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Future in Mind: Children and Young People’s Mental Wellbeing
Today we launch Future In Mind, a report with recommendations from a taskforce co-chaired by NHS England and the Department of Health. Martin McShane, NHS England’s National Director for Patients with Long Term Conditions, and co-chair of the taskforce, explains the importance of the report:
As a parent I was once told: “You are only as happy as your least happy child”.
This simple truth illustrates the wide reaching importance of supporting mental wellbeing in children and young people. Not only is it important for each and every child, it is also important for those who love and care for them.
Lastly, but of huge significance, it is important for society as a whole.
With Jon Rouse as co-chair, we were asked to set up a taskforce and prepare a report that would set out what needs to be done to improve how children’s mental wellbeing can be supported and, when in distress and ill, receive good, timely care.
We have worked with an array of passionate, informed and experienced people: professionals from clinical services, education, social care, justice services, local government and, most importantly, children, young people and parents.
The taskforce report details the impact of problems with mental wellbeing in early years and highlights that for 75 per cent of adults with mental health problems these start before the age of 18. Yet we may be reaching as few as one-in-four children and young people with problems that could be helped.
Beyond the ethical and moral argument there is a powerful economic argument given the billions of pounds in costs of treatment, benefits and to the justice system of failing to address problems early and with evidenced based interventions.
The report articulates how we need to set about tackling the problems to create a system that brings together the potential of the web, schools, social care, the NHS, the voluntary sector, parents and children and young people themselves.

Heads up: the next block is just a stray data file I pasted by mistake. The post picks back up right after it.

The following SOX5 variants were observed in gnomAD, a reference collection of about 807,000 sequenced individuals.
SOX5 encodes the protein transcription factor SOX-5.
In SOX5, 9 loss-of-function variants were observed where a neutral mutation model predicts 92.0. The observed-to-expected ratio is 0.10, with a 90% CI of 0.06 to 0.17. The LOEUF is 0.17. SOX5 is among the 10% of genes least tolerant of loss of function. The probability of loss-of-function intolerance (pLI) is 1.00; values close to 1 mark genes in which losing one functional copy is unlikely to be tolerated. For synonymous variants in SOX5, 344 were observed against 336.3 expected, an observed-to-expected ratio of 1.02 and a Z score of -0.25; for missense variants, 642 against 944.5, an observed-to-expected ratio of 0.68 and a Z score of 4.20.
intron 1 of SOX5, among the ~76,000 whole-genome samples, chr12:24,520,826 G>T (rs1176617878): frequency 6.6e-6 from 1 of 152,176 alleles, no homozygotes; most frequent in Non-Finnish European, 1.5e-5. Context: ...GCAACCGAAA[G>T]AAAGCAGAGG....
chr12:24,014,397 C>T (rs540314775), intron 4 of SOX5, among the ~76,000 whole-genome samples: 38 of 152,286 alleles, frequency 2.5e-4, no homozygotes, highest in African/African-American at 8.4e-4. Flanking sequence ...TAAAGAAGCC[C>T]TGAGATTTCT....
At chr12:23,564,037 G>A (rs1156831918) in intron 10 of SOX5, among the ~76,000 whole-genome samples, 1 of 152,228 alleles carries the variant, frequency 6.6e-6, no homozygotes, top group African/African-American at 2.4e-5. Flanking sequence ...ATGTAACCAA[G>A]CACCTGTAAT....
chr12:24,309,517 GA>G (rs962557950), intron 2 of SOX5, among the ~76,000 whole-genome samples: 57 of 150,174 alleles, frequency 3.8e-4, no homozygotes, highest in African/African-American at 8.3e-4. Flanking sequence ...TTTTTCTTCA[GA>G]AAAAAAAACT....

There are five big themes:
- Promoting resilience, prevention and early intervention
- Improving access to effective support – a system without tiers
- Care for the most vulnerable
- Accountability and transparency
- Developing the workforce
We have set out the challenges – one of which is that a lot can be done with what we have already if, locally, people are willing to step up and work together with common purpose and principles. Even more can be done, going forward, with additional funding. The time is right for change.
Our children and young people are our future. I would ask that everyone who is interested and involved with the wellbeing of children and young people reads this report and help put it into action.
- Read more about the report on Twitter at: #youngmentalhealth
Such an important issue and I see it so much seep through in the arts and culture sector, the youth reflecting their anxieties and dark depression within their work and statements. Eating,sleeping and preoccupation with image usual teenage traits but why is it getting worse? What can I do Martin to help within the arts?
Can you update us about the proposed counselling strategy for schools?
Thank you for the message. The Department for Education published guidance in 2016, which can be found on the GOV.UK website.
They also published a survey of provision in schools that includes counselling.
Further questions on what the Department is doing may be put to them directly. If you’re unable to find what you need on the website, you can telephone the Department on 0370 000 2288, or contact through the GOV.UK website.
Looking forward to seeing how this develops. For me bringing together the systemic ‘web’ is critical. Mental health determinants is interwoven throughout society, and we cant approach the person in isolation.
Mental health care for 16 to 18 yr old is sadly lacking. Do you think it’s fair for children to have to struggle with mental health because of lack of funding. And do you have any idea what impact it can gave on the rest of the family.